I recently got into a conversation about corporate blogging. The sort of conversation that starts with ‘what is a blog?’ and ends with ‘it’ll never work here’. And, as always, the killer argument for corporate blogging popped into my head 5 minutes too late.
A tractor in a field yesterday
Many years ago, I used to work for Case, the company that builds big red tractors. It was great work, especially as people understood what you did – none of this ‘I work in computers’ malarchy. Only problem was that we were working in Navan Ireland, with most of our colleagues based in Racine, just north of Chicago.
Not too much of a problem for the first 15 or so people – people who worked out of Chicago for the first 4 or 5 months. We were able to build up personal relationships with a colleagues. We could ask later ‘how are the kids?’ or ‘are you still playing football?’. Small things, but make the real work discussions a lot easier.
The problem came with employees 15-100 – the ones that didn’t spend any amount of time in the US. Technically great people, but didn’t ‘click’ in the same way with Chicago. As a result, small misunderstandings became big misunderstandings, and projects got delayed.
And that’s where corporate blogging comes in. It allows people in far flung offices to connect. Doesn’t matter what you blog about – personal life, or some small project that’s happening in your local office. Chances are somebody else in the company will pick up on it and vital connections will be made.
And if you’re in the market for a big red tractor, click on the photo above. 125 BHP, Diesel Engine, a bargain at 16,500 Euro.
Don’t you hate it when you spend months (or years) working on a pet project / book / mad take over the world idea, then somebody comes out with something even better?
Yep, it’s just happened to me. Years working on the idea of the ‘Wisdom of Crowds’ (even prior to web 2.0 in the shape of Red-Piranha). Month’s working on a Masters Dissertation on applying Web 2 techniques to the Finance industry (pdf link). And somebody comes out and does it even better.
Not just better. But much much better. The sort of better as in ‘If I had this earlier, I’d have just copied it and changed the words around a bit’. The book is available from Manning as ‘Collective Intelligence in Action‘. A free, first chapter (Understanding Collective Intelligence) is available here (pdf).
So what’s it about? We’ve all heard about the Wisdom of Crowds idea. But what if you need to actually implement it on your website? This book shows you how to (using both concepts and practical code, as well as the theory behind all of it that I was missing). It includes
- Intelligent, learning search, using Lucene.
- Extracting data from blogs using web-crawling.
- Executing Real time feedback on facebook-like sites.
- Scalable data-mining techniques to manage the torrent of information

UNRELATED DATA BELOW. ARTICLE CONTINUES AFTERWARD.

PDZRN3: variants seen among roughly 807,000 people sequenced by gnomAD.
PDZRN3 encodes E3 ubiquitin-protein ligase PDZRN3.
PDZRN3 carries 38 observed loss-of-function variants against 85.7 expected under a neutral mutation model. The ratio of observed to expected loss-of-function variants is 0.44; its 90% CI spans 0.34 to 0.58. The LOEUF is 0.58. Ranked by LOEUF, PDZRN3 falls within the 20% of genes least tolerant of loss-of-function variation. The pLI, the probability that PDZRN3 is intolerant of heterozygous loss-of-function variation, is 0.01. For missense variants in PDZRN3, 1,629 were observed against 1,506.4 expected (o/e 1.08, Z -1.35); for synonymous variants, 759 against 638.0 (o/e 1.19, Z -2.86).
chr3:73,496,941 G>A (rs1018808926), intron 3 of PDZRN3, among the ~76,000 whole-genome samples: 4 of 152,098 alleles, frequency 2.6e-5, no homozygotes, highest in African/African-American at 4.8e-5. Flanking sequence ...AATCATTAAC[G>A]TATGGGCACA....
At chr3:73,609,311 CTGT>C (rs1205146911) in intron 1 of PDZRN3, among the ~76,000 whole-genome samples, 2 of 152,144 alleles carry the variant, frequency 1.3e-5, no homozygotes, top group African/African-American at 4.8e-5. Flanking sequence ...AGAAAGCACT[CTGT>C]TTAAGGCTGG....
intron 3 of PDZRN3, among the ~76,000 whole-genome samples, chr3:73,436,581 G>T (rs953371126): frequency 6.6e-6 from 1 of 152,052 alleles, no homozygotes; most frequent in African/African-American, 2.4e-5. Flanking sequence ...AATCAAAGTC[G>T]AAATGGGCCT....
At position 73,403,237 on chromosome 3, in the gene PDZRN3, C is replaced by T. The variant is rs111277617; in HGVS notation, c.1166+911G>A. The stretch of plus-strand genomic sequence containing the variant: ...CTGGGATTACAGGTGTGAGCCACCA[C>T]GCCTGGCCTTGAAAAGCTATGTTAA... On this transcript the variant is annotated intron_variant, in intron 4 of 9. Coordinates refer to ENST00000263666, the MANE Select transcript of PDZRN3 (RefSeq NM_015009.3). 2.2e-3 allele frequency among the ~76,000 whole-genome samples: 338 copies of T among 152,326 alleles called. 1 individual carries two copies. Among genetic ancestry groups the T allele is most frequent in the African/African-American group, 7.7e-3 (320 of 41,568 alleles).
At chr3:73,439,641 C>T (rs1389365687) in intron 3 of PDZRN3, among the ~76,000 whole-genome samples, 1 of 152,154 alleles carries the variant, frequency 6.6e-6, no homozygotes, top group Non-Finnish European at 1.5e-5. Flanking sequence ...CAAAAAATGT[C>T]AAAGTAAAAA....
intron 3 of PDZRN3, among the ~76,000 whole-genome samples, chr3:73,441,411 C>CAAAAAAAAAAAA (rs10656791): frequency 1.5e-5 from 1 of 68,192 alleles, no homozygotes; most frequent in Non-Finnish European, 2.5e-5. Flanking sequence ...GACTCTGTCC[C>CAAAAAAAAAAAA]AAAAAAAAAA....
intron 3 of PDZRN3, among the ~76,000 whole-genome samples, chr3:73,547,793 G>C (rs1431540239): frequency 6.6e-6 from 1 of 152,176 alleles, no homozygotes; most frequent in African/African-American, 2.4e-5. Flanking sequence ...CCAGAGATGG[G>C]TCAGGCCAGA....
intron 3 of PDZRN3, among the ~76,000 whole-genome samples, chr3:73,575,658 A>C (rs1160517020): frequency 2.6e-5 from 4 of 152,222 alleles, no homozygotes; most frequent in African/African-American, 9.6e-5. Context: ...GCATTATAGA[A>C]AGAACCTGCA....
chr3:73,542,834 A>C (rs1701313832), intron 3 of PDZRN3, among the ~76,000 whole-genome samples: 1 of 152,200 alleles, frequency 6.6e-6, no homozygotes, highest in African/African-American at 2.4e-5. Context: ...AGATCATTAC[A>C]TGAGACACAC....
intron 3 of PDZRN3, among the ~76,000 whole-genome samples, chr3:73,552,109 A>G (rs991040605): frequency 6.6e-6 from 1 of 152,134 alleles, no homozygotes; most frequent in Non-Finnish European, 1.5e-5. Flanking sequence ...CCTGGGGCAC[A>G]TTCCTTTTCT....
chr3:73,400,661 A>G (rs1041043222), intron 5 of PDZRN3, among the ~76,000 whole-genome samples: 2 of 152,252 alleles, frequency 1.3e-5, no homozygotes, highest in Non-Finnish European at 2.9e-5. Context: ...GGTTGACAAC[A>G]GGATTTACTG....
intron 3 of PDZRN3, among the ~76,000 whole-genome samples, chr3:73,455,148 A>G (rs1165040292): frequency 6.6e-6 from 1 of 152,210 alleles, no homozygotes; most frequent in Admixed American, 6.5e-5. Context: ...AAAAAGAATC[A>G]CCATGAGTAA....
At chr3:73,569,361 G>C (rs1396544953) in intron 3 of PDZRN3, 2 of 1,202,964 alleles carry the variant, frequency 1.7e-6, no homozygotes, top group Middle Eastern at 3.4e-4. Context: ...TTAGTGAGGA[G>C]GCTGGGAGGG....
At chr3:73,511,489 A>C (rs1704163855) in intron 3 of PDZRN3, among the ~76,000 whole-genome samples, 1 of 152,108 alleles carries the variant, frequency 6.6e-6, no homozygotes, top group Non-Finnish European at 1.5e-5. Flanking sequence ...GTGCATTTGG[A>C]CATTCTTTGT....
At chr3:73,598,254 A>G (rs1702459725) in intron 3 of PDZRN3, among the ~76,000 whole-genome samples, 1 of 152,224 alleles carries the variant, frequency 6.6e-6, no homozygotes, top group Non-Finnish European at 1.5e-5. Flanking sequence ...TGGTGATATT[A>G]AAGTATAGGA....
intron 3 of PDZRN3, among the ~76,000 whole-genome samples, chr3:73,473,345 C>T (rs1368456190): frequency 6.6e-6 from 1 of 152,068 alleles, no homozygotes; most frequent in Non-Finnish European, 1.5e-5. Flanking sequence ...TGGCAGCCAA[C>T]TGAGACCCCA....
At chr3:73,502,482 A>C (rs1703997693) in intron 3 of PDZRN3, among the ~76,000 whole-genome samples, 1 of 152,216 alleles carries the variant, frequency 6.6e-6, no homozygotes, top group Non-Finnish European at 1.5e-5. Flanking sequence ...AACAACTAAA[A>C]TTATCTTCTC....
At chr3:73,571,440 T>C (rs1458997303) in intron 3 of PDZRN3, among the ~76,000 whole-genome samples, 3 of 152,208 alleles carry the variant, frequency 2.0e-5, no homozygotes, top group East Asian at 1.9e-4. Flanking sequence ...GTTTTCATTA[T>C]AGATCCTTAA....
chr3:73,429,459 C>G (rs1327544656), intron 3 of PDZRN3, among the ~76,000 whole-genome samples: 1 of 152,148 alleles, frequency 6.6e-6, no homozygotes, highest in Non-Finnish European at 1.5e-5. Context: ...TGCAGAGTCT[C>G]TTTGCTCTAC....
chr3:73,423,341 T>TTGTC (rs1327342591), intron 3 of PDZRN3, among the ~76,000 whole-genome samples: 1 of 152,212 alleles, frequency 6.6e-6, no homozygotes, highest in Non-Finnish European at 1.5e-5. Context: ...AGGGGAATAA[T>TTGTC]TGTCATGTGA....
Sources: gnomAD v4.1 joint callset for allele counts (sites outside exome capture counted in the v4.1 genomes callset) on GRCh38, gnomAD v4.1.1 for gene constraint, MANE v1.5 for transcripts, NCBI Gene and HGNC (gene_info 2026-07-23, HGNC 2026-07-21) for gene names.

- Making personalised recommendations based on all of the information.
Disclaimer:Manning provided me with a free review copy of the book – but no strings attached. And , maybe if I’m nice enough to the Author (Satnam), I can persuade him to talk about making millions using JBoss Drools and Complex Event processing in the book.
At what other awards could you mingle with the
Oscar nominees before the event? See them preparing the acceptance speeches, display their pre-show nerves and ask them for tips on the secret of their success? At the Irish Blog Awards – Business Blogger Meetup next Saturday March 1st , of course.
Details : The blog awards kick off at 7.30pm. So lets do it one hour earlier at 6.30pm. Same venue , Alexander Hotel, has a nice big foyer area. There’s no food at the awards themselves , but the hotel does a waiter service in the lobby if you’re just up ‘from the country’. Just look out for me (I’ve been told I look like my photo on the top right. Which is not a good thing) , or any of the nominees (although I suspect Rowan and Michele aren’t as cartoonish in real life).
You don’t have to be a nominee to come along. Just come along and talk about what has worked for you as a Business Blogger.
Update: I would put good money on Kieran from Ice Cream Ireland turning up in full ice-cream-man gear. Click here to encourage him. It does solve the problem of ‘you-dont-really-look-like-your-photo’.
Inside sources (who declined to be named) are suggesting that the longlist for the ‘Best Irish Business Blog’ will look something like this …
The fact that this information was given to me (in ready to paste HTML) has nothing, absolutely nothing , to do with the fact that FirstPartners.net are sponsoring the Best Business blog award.
Did we mention that we’re sponsoring the Best Irish Business Blogger award at the Irish Blog awards on March 1st? We’ve written a guide to business blogging in Ireland, and I’m really looking forward to see who the winner is on the night.